Wheat Crop

Rain spreads crop diseases, according to an article in ScienceDaily 20 November 2017.

Previous research has shown that raindrops can spread microscopic pathogens, i.e. disease causing bacteria, viruses and fungi. A team of researchers at the Department of Biomedical Engineering and Mechanics at Virginia Tech have now studied how the spread actually happens, using laser light and high speed photography of drops falling on a surface laden with microscopic particles.

Previous studies had shown that splashing from raindrops spreads microscopic particles. The new study found two other mechanisms – vortex rings and elastic collision. Vortex rings spread out in a circle from where a drop lands on the plant surface. Elastic collision is like the effect you get when a billiard ball hits another ball that is part of a tightly packed group, where all the balls in the group are dislodged.

To test their results they released a drop onto wheat plants infected with rust fungus, and found that nearly all of the satellite droplets from a single drop contained at least one rust spore.

Sunghwan Jung explained a possible application of their findings: “We are trying to characterize how far these pathogens are flying from one plant to the others, then we can suggest what is the optimal distance or array of the crops in the field”.

He went on to comment: “Since wheat provides roughly one quarter of the world’s food supply, spreading pathogens can cause a big problem in terms of the grain yield every year. Minimizing pathogenic damage by taking into account mechanisms of dispersal and optimal crop array can not only protect the wheat crop from continued yield loss, but protect the entire agricultural systems from continued pathogenic spread”.


Editorial Comment:  Rain is essential today for crops to grow, and therefore to feed the world, and is God’s provision for us (e.g. Acts 14:17). However, this study is a reminder that in this fallen world, rain is only the second best way to provide water for plants. Genesis tells that that in the beginning the earth was watered by a rising mist, rather than by rain (Genesis 2:6). This would have gently watered the ground and the plants, and settled the dust and other particles without flinging them around, and therefore would not have spread ‘pathogens’ or damaged soft leaf surfaces as it does to my tomato crops. After Noah’s Flood the water cycle changed, and from then on most places in the world are dependent on rain to water the plants, which as this new study shows has ‘downsides’.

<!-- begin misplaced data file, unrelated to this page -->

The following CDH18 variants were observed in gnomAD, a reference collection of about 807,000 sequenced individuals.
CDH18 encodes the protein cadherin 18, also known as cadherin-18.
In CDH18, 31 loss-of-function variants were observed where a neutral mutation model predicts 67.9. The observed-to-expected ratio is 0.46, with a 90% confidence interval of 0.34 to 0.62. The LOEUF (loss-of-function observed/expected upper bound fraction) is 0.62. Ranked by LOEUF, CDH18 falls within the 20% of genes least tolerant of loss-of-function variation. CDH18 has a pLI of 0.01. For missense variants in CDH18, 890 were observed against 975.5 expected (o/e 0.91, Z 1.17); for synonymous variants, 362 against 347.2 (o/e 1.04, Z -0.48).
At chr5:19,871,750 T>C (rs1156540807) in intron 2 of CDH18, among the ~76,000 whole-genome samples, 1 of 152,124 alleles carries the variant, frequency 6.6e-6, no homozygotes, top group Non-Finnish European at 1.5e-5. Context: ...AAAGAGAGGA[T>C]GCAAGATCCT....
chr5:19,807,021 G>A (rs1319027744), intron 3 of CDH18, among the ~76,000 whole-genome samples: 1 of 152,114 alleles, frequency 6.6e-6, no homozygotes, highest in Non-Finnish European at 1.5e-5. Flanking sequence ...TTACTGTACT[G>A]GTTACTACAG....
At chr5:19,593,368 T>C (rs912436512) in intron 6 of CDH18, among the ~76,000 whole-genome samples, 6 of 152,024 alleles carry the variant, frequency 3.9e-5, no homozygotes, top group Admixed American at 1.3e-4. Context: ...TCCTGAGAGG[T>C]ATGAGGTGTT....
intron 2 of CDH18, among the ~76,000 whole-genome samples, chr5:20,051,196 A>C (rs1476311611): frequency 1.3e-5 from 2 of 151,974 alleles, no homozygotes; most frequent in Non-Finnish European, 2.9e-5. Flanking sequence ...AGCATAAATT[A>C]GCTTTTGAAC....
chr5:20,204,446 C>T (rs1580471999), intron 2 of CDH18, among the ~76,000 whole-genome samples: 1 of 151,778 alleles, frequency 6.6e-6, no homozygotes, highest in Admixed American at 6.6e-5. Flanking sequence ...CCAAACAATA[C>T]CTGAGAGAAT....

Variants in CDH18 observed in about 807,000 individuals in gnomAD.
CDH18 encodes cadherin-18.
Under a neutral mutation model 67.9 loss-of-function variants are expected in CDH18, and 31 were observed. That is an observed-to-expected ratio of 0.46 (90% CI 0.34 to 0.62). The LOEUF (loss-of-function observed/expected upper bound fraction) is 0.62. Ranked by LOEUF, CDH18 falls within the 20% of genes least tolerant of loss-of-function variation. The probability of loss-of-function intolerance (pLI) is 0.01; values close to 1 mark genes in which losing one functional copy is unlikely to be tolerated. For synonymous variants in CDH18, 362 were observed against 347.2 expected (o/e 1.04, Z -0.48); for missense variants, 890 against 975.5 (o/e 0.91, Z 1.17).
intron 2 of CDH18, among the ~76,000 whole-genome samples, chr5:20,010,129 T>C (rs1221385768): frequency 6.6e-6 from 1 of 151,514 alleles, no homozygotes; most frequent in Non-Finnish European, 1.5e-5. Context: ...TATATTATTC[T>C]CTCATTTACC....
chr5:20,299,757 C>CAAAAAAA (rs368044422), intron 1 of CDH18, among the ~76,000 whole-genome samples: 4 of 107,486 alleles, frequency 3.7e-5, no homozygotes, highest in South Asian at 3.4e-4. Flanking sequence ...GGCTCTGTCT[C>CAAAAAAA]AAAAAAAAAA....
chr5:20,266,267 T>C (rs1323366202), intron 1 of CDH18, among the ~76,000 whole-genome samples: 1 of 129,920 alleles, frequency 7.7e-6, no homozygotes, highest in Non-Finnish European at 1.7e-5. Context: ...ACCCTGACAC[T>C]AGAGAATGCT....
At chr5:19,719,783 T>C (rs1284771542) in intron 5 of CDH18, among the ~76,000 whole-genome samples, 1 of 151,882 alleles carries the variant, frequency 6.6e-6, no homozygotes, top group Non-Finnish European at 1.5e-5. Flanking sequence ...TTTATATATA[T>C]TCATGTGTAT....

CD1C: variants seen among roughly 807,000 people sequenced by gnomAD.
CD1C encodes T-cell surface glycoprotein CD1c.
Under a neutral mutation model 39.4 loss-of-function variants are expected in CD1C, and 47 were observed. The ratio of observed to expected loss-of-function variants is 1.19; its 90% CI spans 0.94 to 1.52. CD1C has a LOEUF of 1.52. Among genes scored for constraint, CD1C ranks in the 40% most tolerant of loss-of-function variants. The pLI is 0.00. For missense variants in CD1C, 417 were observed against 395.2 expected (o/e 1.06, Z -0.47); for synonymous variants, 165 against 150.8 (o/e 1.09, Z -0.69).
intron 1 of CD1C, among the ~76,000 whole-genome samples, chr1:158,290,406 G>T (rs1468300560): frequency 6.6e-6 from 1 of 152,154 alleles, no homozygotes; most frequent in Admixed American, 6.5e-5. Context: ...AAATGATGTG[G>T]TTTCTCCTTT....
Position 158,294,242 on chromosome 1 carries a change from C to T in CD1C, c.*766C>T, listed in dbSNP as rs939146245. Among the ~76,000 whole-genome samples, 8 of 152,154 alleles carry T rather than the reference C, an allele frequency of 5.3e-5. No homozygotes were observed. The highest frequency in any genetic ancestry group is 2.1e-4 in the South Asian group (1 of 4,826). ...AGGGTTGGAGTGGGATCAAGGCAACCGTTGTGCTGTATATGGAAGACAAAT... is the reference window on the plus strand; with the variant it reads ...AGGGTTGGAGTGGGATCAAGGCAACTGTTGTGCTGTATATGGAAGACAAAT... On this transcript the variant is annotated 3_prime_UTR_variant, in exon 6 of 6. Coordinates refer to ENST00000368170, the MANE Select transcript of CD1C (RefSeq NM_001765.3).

Sunghwan Jung’s comments are a good application of the original mandate given to human beings to have dominion over the earth. This is not (and never was) a licence to mindlessly and selfishly exploit the earth as some sceptics like David Attenborough have accused Christians of, but the responsibility to use the resources of the earth wisely. To do this we must study the earth, understand how it works, and use its resources to provide for people and honour our Creator with thanks and praise for His provision. After Adam sinned, God did not withdraw the original command, but told Adam that from then on exercising dominion would become hard work. Therefore, Jung’s application of his study to help farmers plant their crops in a way to minimise the spread of pathogens is a good application of dominion.

One of the reasons that exercising wise dominion has become difficult is the degeneration of the living world, so that some microbes have become pathogens, i.e. cause disease. They were not that way in the original very good world. For more information see the Creation Research DVDs Did a Good God Make Bad Bugs?, and The Real History of Worms and Germs.  These available from the Creation Research webshop here.

Evidence News vol. 17 No. 21
13 December 2017
Creation Research Australia

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